Following her conviction, she engaged in nine years of appeals on the grounds that reading the Tarot was an example of women spiritually counselling women within the context of their religion. With pro bono legal representation she was acquitted, and the laws against "fortune telling" were struck from California law.[12]

Later career[edit]

In the 1980s, she created the TV show 13th Heaven, which ran on syndicated cable in the San Francisco Bay area for seven years.

She has organized and led bi-annual Goddess Festivals since 1991 where women gather for workshops and ritual in the Redwoods of California (see website goddess-fest.com).

Works[edit]

Books[edit]

  • The Feminist Book of Lights and Shadows. Feminist Wicca. 1975. OCLC 38697963.
  • Selene, the Most Famous Bull-Leaper on Earth. Diana Press. 1976. ISBN 0-88447-010-5.
  • The Grandmother of Time: A Woman's Book of Celebrations, Spells, and Sacred Objects for Every Month of the Year. HarperOne. 1989. ISBN 978-0-06-250109-7.
  • The Holy Book of Women's Mysteries: Feminist Witchcraft, Goddess Rituals, Spellcasting and Other Womanly Arts. Wingbow Press. 1989. ISBN 978-0-914728-67-2.
  • The Aquarian Holy Book of Women's Mysteries: Aquarian Rituals and Spells for Present and Future Witches. lulu Press. 2022. ISBN 978-0-137714407.
  • Grandmother Moon: Lunar Magic in Our Lives—Spells, Rituals, Goddesses, Legends, and Emotions Under the Moon. HarperSanFrancisco. 1991. ISBN 0-06-250114-3.
  • The Goddess in the Office: A Personal Energy Guide for the Spiritual Warrior at Work. HarperOne. 1993. ISBN 978-0-06-250087-8.
  • The Goddess in the Bedroom: A Passionate Woman's Guide to Celebrating Sexuality Every Night of the Week. HarperSanFrancisco. 1995. ISBN 978-0-06-251186-7.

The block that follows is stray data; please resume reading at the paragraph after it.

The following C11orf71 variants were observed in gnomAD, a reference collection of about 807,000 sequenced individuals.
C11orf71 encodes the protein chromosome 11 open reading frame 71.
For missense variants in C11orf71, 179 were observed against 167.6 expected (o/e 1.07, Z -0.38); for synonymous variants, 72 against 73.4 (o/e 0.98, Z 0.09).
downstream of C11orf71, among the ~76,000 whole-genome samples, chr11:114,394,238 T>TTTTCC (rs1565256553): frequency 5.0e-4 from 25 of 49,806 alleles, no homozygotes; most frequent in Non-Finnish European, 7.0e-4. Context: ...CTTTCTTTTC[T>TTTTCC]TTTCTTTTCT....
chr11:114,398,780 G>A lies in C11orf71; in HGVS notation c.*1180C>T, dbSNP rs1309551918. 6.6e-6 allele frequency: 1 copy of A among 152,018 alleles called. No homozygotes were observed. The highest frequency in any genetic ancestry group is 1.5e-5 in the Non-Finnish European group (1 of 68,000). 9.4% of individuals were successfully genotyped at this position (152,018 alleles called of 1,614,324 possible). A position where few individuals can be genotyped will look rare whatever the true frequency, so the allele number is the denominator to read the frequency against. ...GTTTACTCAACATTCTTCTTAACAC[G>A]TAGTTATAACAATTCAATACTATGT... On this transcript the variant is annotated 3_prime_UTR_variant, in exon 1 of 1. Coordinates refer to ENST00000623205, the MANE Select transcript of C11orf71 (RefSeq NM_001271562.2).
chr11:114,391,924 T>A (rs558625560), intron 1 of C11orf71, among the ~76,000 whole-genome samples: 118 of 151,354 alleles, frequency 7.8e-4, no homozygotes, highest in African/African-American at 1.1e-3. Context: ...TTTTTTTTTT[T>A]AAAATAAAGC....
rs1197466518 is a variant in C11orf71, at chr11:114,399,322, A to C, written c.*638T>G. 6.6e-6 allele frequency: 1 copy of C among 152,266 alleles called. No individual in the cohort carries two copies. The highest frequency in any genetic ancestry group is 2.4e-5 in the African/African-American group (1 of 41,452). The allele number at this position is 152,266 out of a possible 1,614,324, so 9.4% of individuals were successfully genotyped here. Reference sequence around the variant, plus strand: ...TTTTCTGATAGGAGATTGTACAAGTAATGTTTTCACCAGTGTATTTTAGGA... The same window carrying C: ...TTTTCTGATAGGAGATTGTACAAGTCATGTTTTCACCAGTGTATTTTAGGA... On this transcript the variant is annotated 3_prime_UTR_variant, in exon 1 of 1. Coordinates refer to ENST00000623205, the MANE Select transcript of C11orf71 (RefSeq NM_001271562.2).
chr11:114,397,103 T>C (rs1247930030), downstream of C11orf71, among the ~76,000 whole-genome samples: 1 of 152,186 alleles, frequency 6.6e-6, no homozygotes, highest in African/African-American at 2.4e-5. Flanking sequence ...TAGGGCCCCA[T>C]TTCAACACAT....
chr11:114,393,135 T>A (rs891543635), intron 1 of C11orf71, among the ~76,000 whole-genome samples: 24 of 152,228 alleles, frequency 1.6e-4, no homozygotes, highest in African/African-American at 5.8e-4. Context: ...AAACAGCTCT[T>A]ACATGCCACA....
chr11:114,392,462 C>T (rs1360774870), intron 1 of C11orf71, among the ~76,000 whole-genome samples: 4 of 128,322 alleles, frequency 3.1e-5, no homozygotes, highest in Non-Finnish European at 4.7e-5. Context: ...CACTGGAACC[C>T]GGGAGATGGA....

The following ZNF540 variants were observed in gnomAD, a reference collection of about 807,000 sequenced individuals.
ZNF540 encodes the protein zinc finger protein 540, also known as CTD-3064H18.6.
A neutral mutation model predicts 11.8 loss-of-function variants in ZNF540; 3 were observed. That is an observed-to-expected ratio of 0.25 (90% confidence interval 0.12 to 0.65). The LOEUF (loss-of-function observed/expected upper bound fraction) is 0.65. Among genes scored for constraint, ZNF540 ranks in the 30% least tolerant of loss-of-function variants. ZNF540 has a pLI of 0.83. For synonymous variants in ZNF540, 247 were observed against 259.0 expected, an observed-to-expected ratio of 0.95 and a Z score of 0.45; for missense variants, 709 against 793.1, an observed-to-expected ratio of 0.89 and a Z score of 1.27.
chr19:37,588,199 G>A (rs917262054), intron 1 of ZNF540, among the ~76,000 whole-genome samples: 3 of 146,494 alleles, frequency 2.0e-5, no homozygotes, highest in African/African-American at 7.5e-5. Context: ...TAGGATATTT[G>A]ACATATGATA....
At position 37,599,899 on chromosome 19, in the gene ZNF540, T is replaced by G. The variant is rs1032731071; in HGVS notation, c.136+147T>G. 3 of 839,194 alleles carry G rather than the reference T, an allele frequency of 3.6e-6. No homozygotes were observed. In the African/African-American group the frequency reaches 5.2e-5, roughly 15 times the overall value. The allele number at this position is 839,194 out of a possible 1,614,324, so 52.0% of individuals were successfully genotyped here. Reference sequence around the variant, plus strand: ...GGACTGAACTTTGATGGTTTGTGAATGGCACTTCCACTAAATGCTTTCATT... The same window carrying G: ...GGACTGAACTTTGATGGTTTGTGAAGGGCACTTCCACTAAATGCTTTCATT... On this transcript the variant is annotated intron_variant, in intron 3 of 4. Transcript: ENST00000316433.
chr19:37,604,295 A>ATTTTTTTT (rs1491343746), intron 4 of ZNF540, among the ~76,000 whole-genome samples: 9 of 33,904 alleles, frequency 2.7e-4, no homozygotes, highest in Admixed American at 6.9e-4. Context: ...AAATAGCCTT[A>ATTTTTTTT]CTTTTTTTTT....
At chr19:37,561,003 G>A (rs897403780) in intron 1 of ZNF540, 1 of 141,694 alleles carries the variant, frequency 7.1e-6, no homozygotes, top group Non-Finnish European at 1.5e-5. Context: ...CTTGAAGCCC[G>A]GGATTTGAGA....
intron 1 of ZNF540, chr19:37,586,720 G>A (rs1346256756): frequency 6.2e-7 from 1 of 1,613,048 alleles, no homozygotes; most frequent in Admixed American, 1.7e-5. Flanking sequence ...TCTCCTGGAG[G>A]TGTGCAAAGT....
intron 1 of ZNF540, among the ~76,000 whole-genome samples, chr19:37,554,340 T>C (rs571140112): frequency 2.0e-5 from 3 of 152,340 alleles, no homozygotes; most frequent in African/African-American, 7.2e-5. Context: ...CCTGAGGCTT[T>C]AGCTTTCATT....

• Summoning the Fates: A Woman's Guide to Destiny. Three Rivers Press. 1999. ISBN 978-0-609-80277-9.
  • My Dark Sordid Past as a Heterosexual: The Autobiography of Dr. Zsuzsanna E. Budapest, First Destiny. CreateSpace Independent Publishers Platform. 2014. ISBN 978-1500988906.
With Diana Paxson
  • Celestial Wisdom for Every Year of Your Life: Discover the Hidden Meaning of Your Age. Weiser Books. 2003. ISBN 978-1-57863-282-4.

Music[edit]

  • Copyright Z Budapest (1971). We All Come from The Goddess-Chant. PA0000474403.

Plays[edit]

  • The Rise of the Fates: A Woman's Passion Play, 1976.

Films[edit]

  • The Occult Experience (Motion picture). Cinetel Productions Ltd. 1987. Released on VHS by Sony/Columbia-Tristar on August 5, 1992.

See also[edit]

References[edit]

Works cited[edit]

Further reading[edit]

  • Carson, Anne (1999). Caretaking a New Soul: Writing on Parenting from Thich Nhat Hahn to Z Budapest. Crossing Press. ISBN 978-1-58091-018-7.
  • Feraro, Shai (October 20, 2020). "'The Goddess is Alive. Magic is Afoot.': Radical and Cultural Feminist Influences on Z Budapest's Dianic Witchcraft During the 1970s–1980s". Nova Religio. 24 (2): 59–79. doi:10.1525/nr.2020.24.2.59. S2CID 226967657.
  • Goldenberg, Naomi R. (1980). Changing of the Gods: Feminism and the End of Traditional Religions. Beacon Press. ISBN 978-0-8070-1111-9.
  • Kimball, Gayle (1981). Women's Culture: The Women's Renaissance of the Seventies. Scarecrow Press. ISBN 978-0810814967.
  • Parsons, Susan Frank (2002). The Cambridge Companion to Feminist Theology. Cambridge University Press. ISBN 978-0-521-66380-9.
  • Wessinger, Catherine Lowman (1993). Women's Leadership in Marginal Religions. University of Illinois Press. ISBN 978-0-252-06332-9.
  • Eller, Cynthia (1993). Living in the Lap of the Goddess. Beacon Press. ISBN 978-0807065075.

External links[edit]